Growing Old At Home With The Help Of A Cane

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Many older adults (65 years old and over) remain in their home for longer periods and avoid institutionalization.

The U.S. Census Bureau’s American Community Survey showed that 23% of the older population in the U.S. in 2013 has ambulatory disability. Ambulation refers to the ability to move from one place to another.

Despite the fact that many of these older adults have some ambulation disability, many remain at home. A report from the Administration on Aging (AoA), Administration for Community Living, U.S. Department of Health and Human Services showed that about 12.5 million or 28% of non-institutionalized older Americans in 2013 live alone (8.8 million women and 3.8 million men).

Growing Old At Home With The Help Of A Cane


Many older adults remain in their home for longer periods and avoid institutionalization because of assistive devices like canes.

A study by Russell et al. found that more than 75% of elderly with disabilities use some type of assistive device.

Another study by Helen Marie Hoenig found that about one in four older adults use an assistive device; while one-third uses more than one device.

A cane is a simple walking stick with a handle, shaft and rubber tip or tips. Some canes only have one tip; others have four tips (quad type).

Growing Old At Home With The Help Of A Cane

Proper Use

Health care professionals in the field of geriatrics like the American Geriatrics Society advise users to use this assistive device properly for safe use. Here are some of their safety recommendations:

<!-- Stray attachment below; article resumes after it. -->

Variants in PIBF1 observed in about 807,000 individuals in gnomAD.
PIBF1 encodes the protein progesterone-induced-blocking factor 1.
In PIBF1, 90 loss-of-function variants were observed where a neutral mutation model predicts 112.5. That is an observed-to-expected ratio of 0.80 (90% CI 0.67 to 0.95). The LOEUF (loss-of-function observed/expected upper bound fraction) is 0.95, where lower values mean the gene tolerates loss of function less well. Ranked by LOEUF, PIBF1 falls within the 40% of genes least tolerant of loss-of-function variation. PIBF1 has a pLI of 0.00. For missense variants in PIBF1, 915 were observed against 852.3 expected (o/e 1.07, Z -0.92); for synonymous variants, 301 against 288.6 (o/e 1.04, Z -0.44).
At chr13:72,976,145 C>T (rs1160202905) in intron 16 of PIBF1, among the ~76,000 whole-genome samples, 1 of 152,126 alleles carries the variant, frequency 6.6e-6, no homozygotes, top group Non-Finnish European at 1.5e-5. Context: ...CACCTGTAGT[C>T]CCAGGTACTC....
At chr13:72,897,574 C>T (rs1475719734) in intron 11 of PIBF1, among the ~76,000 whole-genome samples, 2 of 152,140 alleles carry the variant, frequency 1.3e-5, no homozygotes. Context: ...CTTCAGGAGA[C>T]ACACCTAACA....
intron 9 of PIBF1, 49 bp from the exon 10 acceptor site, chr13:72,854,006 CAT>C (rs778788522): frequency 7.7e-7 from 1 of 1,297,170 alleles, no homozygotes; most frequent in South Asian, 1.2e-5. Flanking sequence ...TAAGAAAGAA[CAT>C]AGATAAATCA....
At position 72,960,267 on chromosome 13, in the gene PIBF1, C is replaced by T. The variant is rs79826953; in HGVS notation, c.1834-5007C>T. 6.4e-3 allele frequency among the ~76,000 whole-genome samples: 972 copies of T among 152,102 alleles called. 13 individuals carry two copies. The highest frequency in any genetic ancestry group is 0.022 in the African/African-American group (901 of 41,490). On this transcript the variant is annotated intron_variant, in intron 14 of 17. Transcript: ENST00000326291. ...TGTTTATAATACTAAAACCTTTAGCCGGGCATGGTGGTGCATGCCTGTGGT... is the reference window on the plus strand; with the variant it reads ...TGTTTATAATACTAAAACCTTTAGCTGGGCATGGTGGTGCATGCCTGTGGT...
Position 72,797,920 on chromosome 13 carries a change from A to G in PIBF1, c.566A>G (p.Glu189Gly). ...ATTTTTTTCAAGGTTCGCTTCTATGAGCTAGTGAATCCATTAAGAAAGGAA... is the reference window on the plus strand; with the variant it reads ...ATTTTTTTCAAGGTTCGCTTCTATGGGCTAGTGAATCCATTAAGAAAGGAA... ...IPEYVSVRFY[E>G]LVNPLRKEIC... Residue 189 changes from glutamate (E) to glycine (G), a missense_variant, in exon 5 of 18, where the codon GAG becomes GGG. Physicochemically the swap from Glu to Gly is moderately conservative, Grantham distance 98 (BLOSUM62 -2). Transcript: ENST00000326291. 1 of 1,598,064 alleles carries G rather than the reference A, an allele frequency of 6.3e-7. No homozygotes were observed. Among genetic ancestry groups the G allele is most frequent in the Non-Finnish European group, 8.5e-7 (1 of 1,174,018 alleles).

1. Hand use
The cane should be held on the opposite side of the weak leg.

2. Weight bearing
Only up to 25% of the user’s body can be supported by this mobility aid.

3. Rubber Tips
The tip or tips of this walking aid must be equipped with rubber. This rubber must also be replaced when damaged.

4. Health conditions
In the paper entitled “Assistive Technologies in the Home” published in Clinics in Geriatric Medicine, authors K. Brummel-Smith and Mariana Dangiolo recommend that this walking device is best for people with problems from neuropathy (dysfunction of one or more peripheral nerves). People who need to lessen pain in an arthritic knee or hip will also benefit from this device, Brummel-Smith and Dangiolo wrote.

5. Ground contact
When the quad cane is used, all four tips must be in solid contact with the ground to support the user’s body weight.

6. Height
A cane that is too short or too long can cause wrist, hand, back and shoulder pain. If you notice a 20 to 30-degree bend on your arms once you hold the handle, that is the correct height. You can achieve this correct bend angle if:
You wear your normal shoes.
Allow your arms to hang loosely on your sides.
Ask someone to measure the height from your wrist to the floor.
Adjust the height based on this measurement.